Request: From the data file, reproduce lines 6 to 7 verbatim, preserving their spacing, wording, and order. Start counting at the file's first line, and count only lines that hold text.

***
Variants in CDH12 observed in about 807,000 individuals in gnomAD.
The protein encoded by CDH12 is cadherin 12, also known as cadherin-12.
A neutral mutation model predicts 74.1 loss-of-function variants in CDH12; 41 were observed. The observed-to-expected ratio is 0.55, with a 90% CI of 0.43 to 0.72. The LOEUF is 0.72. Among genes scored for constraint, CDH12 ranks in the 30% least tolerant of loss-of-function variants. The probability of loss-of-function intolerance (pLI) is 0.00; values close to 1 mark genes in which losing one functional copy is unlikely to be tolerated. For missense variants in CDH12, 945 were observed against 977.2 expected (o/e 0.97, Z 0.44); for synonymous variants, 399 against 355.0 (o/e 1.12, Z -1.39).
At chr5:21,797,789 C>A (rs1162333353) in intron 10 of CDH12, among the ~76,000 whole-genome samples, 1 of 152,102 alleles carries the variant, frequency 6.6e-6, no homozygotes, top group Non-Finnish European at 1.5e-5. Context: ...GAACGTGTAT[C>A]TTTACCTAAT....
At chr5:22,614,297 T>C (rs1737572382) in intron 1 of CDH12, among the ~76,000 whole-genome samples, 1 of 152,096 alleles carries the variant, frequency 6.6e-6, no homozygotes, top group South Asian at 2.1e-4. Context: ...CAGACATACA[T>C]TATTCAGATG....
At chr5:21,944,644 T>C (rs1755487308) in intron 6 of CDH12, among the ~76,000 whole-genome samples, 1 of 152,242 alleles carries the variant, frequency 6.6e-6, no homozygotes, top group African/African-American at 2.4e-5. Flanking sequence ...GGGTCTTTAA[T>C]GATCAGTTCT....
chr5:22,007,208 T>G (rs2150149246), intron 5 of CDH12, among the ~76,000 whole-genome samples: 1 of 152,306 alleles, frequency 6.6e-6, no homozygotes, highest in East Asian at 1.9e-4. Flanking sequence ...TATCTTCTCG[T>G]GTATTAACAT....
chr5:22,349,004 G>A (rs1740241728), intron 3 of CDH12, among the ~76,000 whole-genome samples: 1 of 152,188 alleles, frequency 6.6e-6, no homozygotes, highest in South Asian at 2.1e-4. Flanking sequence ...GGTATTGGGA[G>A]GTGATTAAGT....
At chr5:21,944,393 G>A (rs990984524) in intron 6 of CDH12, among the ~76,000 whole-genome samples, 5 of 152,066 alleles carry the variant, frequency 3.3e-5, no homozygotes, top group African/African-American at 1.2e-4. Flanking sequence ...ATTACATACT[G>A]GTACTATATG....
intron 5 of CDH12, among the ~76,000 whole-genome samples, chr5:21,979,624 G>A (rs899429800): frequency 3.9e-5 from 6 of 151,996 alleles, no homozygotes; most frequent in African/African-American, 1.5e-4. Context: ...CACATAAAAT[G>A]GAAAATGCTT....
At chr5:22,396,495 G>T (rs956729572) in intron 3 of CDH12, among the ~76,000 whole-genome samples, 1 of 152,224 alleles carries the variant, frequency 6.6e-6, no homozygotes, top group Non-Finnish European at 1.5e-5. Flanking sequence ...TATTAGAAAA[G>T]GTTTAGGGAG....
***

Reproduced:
At chr5:21,944,644 T>C (rs1755487308) in intron 6 of CDH12, among the ~76,000 whole-genome samples, 1 of 152,242 alleles carries the variant, frequency 6.6e-6, no homozygotes, top group African/African-American at 2.4e-5. Flanking sequence ...GGGTCTTTAA[T>C]GATCAGTTCT....
chr5:22,007,208 T>G (rs2150149246), intron 5 of CDH12, among the ~76,000 whole-genome samples: 1 of 152,306 alleles, frequency 6.6e-6, no homozygotes, highest in East Asian at 1.9e-4. Flanking sequence ...TATCTTCTCG[T>G]GTATTAACAT....